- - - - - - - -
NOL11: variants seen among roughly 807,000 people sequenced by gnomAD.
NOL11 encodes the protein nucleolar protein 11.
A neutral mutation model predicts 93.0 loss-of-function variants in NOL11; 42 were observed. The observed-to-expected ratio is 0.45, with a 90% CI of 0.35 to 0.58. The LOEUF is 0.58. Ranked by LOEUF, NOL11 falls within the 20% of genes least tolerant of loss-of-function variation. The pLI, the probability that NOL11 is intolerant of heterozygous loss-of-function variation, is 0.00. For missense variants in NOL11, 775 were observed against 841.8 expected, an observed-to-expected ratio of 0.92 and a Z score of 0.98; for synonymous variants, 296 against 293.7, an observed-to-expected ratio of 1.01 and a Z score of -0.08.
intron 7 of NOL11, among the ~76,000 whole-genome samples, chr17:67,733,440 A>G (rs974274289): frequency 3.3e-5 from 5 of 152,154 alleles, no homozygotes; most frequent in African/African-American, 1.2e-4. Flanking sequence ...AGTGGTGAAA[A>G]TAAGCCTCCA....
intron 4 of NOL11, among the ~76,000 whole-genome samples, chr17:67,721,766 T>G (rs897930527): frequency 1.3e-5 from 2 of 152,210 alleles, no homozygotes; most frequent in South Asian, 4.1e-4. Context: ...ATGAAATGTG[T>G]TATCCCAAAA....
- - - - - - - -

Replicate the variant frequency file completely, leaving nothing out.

NOL11: variants seen among roughly 807,000 people sequenced by gnomAD.
NOL11 encodes the protein nucleolar protein 11.
A neutral mutation model predicts 93.0 loss-of-function variants in NOL11; 42 were observed. The observed-to-expected ratio is 0.45, with a 90% CI of 0.35 to 0.58. The LOEUF is 0.58. Ranked by LOEUF, NOL11 falls within the 20% of genes least tolerant of loss-of-function variation. The pLI, the probability that NOL11 is intolerant of heterozygous loss-of-function variation, is 0.00. For missense variants in NOL11, 775 were observed against 841.8 expected, an observed-to-expected ratio of 0.92 and a Z score of 0.98; for synonymous variants, 296 against 293.7, an observed-to-expected ratio of 1.01 and a Z score of -0.08.
intron 7 of NOL11, among the ~76,000 whole-genome samples, chr17:67,733,440 A>G (rs974274289): frequency 3.3e-5 from 5 of 152,154 alleles, no homozygotes; most frequent in African/African-American, 1.2e-4. Flanking sequence ...AGTGGTGAAA[A>G]TAAGCCTCCA....
intron 4 of NOL11, among the ~76,000 whole-genome samples, chr17:67,721,766 T>G (rs897930527): frequency 1.3e-5 from 2 of 152,210 alleles, no homozygotes; most frequent in South Asian, 4.1e-4. Context: ...ATGAAATGTG[T>G]TATCCCAAAA....